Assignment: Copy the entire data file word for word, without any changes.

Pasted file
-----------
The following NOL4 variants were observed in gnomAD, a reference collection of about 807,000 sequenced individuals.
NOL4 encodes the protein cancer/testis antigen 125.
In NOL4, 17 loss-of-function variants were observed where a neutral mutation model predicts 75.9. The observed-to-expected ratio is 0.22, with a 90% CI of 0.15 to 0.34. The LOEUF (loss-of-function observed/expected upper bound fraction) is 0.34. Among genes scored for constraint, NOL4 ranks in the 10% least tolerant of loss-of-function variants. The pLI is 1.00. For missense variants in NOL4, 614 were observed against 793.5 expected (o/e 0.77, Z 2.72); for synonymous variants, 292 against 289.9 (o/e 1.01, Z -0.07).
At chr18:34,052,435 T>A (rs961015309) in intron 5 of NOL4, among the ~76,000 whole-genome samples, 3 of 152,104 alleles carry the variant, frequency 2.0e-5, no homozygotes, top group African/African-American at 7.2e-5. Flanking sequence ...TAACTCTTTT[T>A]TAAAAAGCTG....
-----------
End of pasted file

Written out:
The following NOL4 variants were observed in gnomAD, a reference collection of about 807,000 sequenced individuals.
NOL4 encodes the protein cancer/testis antigen 125.
In NOL4, 17 loss-of-function variants were observed where a neutral mutation model predicts 75.9. The observed-to-expected ratio is 0.22, with a 90% CI of 0.15 to 0.34. The LOEUF (loss-of-function observed/expected upper bound fraction) is 0.34. Among genes scored for constraint, NOL4 ranks in the 10% least tolerant of loss-of-function variants. The pLI is 1.00. For missense variants in NOL4, 614 were observed against 793.5 expected (o/e 0.77, Z 2.72); for synonymous variants, 292 against 289.9 (o/e 1.01, Z -0.07).
At chr18:34,052,435 T>A (rs961015309) in intron 5 of NOL4, among the ~76,000 whole-genome samples, 3 of 152,104 alleles carry the variant, frequency 2.0e-5, no homozygotes, top group African/African-American at 7.2e-5. Flanking sequence ...TAACTCTTTT[T>A]TAAAAAGCTG....